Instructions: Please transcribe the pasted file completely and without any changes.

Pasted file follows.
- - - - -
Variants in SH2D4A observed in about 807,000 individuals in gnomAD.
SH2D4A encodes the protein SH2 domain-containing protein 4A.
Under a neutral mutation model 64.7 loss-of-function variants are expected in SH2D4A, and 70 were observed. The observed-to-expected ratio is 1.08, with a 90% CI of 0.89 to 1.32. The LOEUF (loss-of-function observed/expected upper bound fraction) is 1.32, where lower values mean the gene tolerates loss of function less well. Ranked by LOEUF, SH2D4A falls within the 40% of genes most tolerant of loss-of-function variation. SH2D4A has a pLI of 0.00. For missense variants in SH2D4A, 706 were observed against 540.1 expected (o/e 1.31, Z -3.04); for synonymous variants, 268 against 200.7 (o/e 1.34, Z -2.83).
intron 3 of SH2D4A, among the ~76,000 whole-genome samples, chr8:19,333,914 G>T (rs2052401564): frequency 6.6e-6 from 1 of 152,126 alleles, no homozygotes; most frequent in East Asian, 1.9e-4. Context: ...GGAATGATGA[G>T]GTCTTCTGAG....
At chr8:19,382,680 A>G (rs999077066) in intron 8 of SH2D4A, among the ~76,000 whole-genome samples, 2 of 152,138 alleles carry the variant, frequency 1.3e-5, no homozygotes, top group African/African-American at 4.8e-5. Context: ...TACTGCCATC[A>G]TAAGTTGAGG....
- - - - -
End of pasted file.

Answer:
Variants in SH2D4A observed in about 807,000 individuals in gnomAD.
SH2D4A encodes the protein SH2 domain-containing protein 4A.
Under a neutral mutation model 64.7 loss-of-function variants are expected in SH2D4A, and 70 were observed. The observed-to-expected ratio is 1.08, with a 90% CI of 0.89 to 1.32. The LOEUF (loss-of-function observed/expected upper bound fraction) is 1.32, where lower values mean the gene tolerates loss of function less well. Ranked by LOEUF, SH2D4A falls within the 40% of genes most tolerant of loss-of-function variation. SH2D4A has a pLI of 0.00. For missense variants in SH2D4A, 706 were observed against 540.1 expected (o/e 1.31, Z -3.04); for synonymous variants, 268 against 200.7 (o/e 1.34, Z -2.83).
intron 3 of SH2D4A, among the ~76,000 whole-genome samples, chr8:19,333,914 G>T (rs2052401564): frequency 6.6e-6 from 1 of 152,126 alleles, no homozygotes; most frequent in East Asian, 1.9e-4. Context: ...GGAATGATGA[G>T]GTCTTCTGAG....
At chr8:19,382,680 A>G (rs999077066) in intron 8 of SH2D4A, among the ~76,000 whole-genome samples, 2 of 152,138 alleles carry the variant, frequency 1.3e-5, no homozygotes, top group African/African-American at 4.8e-5. Context: ...TACTGCCATC[A>G]TAAGTTGAGG....